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Kol HaChadoshot

What's news and 'nu' in the Beth David community

August 2018

The story is told about a sweet shtetl community, a few centuries ago somewhere in Europe. The town was one in a circuit of several that shared in the cycle of visits by a beloved itinerant rabbi. The rabbi's mode of transportation was a horse-drawn carriage with a non-Jewish driver. One morning, as the rabbi was bidding farewell to resume his circuit and move on to the next town, a few of the community elders noticed what they had never noticed before. After departing the Jewish neighborhood, the carriage stopped in front of a church; the driver descended his perch and approached the steps of the church where he knelt and prayed for several minutes. He then remounted the carriage and away they went. In an emergency meeting with members of the shtetl, the elders reported on what they saw. They were not happy that their esteemed rabbi was left by the steps of a church so that a carriage driver could kneel and pray. A committee was formed and a few weeks later the committee proudly reported that they had identified a different carriage driver who could be hired to transport the rabbi from town to town; and to everyone's great joy, this new driver was an atheist. There would never again be a need for their rabbi to wait by the curb of a church.
     The rabbi's next visit was a few months later, and the community elders told the rabbi of the new driver and carriage that they had found for him. The rabbi's reaction was not as they expected. Before he began his Torah study for the evening, he took a few moments to explain why he wanted to stay with the services of his original driver. "That man", he said, "might not be Jewish; but he is a religious and God-fearing person.". The rabbi continued, "I travel with my driver sometimes several days between cities, just he and me. I will feel much safer and secure in the company of a man who fears the Lord than in the company of a man who does not believe in God."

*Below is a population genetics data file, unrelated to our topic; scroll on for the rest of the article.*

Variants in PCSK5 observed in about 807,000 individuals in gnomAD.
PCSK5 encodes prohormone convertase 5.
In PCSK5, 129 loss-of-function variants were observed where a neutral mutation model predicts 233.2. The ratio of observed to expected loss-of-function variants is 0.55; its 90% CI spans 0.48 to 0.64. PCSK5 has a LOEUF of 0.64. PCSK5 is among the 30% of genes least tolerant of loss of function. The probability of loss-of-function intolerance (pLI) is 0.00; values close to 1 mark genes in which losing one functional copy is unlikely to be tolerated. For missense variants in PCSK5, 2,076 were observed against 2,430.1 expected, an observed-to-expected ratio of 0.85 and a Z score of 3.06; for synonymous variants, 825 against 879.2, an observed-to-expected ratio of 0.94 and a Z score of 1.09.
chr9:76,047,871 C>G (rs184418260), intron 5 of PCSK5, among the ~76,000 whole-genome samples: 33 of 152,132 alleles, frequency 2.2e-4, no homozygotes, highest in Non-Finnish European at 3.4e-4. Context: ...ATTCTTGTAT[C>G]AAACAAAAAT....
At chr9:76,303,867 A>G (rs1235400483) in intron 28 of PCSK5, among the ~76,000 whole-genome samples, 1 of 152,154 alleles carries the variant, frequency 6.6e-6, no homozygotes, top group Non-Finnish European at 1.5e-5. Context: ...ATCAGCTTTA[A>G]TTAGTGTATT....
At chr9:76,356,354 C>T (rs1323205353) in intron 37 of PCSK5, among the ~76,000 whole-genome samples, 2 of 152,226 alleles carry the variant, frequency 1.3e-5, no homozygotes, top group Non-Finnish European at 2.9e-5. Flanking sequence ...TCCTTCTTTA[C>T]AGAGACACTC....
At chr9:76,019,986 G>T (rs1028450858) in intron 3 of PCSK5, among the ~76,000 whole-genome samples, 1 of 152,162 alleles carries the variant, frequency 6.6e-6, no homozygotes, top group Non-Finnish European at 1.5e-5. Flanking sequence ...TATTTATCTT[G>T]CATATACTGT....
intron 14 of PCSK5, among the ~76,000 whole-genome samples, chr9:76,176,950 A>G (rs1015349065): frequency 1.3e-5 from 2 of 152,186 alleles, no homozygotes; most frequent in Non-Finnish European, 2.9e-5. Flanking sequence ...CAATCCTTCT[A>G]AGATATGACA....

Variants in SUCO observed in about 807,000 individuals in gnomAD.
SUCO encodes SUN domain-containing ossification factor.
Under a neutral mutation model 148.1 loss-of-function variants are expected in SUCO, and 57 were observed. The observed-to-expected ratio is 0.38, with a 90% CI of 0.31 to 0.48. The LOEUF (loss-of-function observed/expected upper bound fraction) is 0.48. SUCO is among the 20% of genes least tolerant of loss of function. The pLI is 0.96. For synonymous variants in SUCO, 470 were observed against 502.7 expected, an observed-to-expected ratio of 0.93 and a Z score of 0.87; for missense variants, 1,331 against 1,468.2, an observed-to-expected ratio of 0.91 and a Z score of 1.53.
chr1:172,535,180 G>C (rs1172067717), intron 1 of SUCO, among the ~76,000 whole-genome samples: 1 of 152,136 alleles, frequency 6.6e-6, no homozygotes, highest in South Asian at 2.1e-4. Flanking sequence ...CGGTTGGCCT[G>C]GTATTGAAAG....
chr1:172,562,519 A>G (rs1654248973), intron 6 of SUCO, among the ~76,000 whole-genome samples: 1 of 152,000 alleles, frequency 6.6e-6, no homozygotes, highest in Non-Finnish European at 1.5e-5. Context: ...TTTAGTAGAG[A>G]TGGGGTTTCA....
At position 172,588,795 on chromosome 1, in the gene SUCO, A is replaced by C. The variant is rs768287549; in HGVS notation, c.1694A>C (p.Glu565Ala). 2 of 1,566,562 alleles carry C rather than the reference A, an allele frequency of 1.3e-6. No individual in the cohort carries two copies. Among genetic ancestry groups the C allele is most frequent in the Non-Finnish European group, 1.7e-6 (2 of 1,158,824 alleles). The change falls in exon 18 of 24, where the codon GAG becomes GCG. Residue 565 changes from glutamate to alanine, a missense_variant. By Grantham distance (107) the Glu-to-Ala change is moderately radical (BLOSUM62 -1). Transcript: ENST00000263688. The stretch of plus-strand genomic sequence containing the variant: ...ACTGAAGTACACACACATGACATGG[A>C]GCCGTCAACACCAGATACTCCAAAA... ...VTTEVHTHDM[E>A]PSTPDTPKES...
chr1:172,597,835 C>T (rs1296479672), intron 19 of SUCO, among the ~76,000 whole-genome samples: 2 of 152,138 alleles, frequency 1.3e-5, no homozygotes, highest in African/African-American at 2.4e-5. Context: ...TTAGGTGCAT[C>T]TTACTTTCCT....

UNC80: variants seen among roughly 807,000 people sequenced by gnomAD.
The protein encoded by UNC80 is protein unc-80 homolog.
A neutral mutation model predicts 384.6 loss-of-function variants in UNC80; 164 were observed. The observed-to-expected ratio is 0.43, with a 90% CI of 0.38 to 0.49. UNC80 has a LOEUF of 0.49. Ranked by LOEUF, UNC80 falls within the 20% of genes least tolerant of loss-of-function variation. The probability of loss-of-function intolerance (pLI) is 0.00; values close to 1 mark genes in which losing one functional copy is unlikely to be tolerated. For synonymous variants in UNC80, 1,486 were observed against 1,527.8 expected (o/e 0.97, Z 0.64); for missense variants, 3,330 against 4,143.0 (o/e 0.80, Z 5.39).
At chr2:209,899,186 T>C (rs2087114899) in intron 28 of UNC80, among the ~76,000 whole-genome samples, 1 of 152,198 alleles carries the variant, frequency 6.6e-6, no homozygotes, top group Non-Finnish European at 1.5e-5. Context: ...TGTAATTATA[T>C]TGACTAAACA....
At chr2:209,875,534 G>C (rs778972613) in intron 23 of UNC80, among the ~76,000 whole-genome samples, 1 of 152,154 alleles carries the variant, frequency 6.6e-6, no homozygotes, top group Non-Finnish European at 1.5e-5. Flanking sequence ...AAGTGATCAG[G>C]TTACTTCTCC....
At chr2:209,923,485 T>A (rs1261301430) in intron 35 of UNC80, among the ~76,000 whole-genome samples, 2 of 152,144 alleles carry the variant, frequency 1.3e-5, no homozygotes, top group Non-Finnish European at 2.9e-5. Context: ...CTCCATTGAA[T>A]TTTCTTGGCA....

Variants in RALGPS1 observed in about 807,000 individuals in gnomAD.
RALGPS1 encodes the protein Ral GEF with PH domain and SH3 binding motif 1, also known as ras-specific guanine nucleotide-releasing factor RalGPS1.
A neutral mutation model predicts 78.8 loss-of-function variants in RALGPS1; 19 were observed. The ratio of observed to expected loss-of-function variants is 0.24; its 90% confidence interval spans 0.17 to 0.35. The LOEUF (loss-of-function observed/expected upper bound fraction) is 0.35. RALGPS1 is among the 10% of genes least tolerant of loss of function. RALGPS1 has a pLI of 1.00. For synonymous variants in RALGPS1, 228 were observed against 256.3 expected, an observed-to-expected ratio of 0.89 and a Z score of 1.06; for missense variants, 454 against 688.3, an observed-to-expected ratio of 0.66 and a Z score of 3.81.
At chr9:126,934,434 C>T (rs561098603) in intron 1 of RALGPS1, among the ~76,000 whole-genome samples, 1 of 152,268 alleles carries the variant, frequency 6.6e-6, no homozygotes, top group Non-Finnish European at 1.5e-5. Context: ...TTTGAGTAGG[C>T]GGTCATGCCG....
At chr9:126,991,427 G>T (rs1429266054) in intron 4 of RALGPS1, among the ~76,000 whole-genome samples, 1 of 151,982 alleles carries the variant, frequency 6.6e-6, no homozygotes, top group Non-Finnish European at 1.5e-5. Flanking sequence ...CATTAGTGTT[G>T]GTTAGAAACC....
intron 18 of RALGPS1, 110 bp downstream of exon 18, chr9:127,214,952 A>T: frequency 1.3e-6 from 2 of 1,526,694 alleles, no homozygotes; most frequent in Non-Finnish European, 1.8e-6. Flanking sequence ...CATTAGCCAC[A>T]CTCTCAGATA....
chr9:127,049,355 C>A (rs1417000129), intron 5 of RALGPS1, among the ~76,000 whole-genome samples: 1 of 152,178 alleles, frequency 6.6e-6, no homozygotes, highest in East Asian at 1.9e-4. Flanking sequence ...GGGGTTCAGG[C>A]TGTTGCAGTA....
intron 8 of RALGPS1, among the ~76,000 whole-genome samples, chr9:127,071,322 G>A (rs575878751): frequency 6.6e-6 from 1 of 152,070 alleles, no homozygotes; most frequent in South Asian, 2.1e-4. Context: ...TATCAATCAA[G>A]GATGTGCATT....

I share this story as a way of expressing my gratitude to this community for its tolerance and support of the dialogues and connections that have been allowed to shorten the distance across Dover Road between Beth David and Saint Thomas Church. They have their agenda and we have ours. They have their mission and we have ours. They embrace their covenant and we embrace ours. But our neighborhood is a better one for the bridges of mutual understanding that have been allowed to connect the two sides of the street. Jessie's Garden and dialogues like "Common Ground" have provided opportunities for people of two different faiths to explore differences in theology while nurturing a spirit of neighborly trust. Like the rabbi in the story taught to his followers, Judaism is safer when in the company of other true and righteous believers, even if their two beliefs are not identical.
     Rabbi Jonathan Sacks wrote in the prologue to his landmark book The Dignity of Difference, "Crises happen when we attempt to meet the challenges of today with the concepts of yesterday ... when universal civilizations clash, the world shakes, and lives are lost. We will make peace only when we learn that God loves difference and so, at last, must we. God has created many cultures, civilizations, and faiths, but only one world in which to live together - and it is getting smaller all the time."
     It is a journey, just like the distance between two old-world shtetl towns; and the journey will be safer and more fruitful when it is shared with others who are willing to stop and pray.

Wed, August 15 2018 4 Elul 5778